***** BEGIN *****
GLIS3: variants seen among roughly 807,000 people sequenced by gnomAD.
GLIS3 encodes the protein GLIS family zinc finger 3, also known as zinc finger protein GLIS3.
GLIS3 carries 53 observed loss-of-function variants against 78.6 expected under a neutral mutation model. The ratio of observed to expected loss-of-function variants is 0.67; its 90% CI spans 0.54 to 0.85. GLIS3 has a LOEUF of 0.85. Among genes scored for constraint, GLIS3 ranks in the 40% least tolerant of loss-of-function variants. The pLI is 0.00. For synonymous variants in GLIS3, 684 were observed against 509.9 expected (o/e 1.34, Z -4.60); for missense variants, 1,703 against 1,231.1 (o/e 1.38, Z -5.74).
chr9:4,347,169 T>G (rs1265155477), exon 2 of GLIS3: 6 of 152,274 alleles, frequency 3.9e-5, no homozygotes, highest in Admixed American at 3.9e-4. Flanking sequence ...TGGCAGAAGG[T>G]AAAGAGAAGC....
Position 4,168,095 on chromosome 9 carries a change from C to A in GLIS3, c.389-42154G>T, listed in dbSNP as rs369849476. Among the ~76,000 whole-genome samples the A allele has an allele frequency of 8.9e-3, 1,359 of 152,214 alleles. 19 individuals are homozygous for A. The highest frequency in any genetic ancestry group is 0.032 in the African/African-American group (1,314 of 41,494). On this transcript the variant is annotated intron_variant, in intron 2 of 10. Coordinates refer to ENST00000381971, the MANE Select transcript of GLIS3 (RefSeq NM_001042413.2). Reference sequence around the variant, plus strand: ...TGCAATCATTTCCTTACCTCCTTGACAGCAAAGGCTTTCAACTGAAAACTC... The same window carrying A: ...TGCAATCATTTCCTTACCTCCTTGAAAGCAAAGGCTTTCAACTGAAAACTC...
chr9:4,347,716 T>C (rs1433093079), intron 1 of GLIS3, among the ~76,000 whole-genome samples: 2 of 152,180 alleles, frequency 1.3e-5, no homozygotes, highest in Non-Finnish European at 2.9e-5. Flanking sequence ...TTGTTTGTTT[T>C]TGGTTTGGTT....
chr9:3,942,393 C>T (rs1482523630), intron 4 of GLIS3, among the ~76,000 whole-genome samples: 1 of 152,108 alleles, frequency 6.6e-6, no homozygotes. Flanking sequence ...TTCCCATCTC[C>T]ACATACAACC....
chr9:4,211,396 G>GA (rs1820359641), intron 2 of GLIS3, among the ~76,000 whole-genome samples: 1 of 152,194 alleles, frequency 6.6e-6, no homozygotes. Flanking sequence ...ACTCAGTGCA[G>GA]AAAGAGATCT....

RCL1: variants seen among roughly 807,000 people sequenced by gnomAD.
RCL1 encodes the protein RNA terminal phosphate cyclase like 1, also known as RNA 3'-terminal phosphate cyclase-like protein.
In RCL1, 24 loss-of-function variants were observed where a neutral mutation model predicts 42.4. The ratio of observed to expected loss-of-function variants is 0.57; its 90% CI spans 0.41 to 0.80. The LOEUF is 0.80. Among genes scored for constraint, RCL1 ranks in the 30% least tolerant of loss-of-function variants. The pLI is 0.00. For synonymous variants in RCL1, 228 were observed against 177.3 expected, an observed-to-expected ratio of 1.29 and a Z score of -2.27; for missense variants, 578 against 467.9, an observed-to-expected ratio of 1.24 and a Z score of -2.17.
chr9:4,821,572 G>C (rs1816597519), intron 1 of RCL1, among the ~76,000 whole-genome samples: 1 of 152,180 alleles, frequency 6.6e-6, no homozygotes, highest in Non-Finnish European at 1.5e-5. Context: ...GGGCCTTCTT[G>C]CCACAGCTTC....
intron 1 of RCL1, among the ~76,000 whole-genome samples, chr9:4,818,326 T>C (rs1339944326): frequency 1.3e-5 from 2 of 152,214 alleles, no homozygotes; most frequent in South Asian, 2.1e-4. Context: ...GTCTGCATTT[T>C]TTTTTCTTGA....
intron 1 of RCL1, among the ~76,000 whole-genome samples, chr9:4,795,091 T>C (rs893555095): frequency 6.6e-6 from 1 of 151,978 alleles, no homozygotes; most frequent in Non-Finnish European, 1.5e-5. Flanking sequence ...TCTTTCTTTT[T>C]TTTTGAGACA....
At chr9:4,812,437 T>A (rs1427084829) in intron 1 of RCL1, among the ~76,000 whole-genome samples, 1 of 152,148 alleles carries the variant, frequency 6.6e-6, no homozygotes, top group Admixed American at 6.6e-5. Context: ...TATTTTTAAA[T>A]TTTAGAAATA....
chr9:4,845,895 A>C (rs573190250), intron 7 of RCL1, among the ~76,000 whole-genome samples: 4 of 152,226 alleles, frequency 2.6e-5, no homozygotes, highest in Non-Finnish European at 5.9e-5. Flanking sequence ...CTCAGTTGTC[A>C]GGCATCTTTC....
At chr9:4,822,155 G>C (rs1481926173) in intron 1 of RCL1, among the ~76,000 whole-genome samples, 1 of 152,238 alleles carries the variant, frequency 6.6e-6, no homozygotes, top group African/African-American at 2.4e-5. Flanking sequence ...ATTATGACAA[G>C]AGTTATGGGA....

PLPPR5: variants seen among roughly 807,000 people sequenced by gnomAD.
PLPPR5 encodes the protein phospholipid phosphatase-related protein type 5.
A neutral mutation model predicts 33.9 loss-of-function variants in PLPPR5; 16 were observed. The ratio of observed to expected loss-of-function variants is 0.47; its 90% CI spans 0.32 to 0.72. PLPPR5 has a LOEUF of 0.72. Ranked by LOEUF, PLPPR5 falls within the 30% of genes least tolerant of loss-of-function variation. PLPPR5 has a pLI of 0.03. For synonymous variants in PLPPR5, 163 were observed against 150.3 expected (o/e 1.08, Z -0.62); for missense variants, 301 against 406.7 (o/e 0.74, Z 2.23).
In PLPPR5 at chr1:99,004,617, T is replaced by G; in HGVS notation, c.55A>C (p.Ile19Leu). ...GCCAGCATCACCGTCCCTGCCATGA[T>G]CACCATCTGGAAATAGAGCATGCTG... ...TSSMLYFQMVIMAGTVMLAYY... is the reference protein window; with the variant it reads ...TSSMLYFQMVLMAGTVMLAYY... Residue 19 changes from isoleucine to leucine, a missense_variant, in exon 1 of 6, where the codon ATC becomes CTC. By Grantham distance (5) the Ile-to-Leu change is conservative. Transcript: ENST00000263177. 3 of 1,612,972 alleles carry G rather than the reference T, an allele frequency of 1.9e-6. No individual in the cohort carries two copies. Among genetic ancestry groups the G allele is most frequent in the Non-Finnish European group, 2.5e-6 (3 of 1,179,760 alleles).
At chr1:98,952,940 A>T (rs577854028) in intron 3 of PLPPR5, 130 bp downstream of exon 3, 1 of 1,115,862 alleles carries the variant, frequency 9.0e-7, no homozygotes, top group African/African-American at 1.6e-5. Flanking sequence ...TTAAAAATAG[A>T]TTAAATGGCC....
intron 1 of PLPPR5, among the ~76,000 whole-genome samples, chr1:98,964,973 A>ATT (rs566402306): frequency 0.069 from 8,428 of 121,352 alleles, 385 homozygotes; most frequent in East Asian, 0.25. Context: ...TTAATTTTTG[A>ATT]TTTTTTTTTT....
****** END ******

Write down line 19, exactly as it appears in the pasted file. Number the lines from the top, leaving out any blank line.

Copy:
PLPPR5 encodes the protein phospholipid phosphatase-related protein type 5.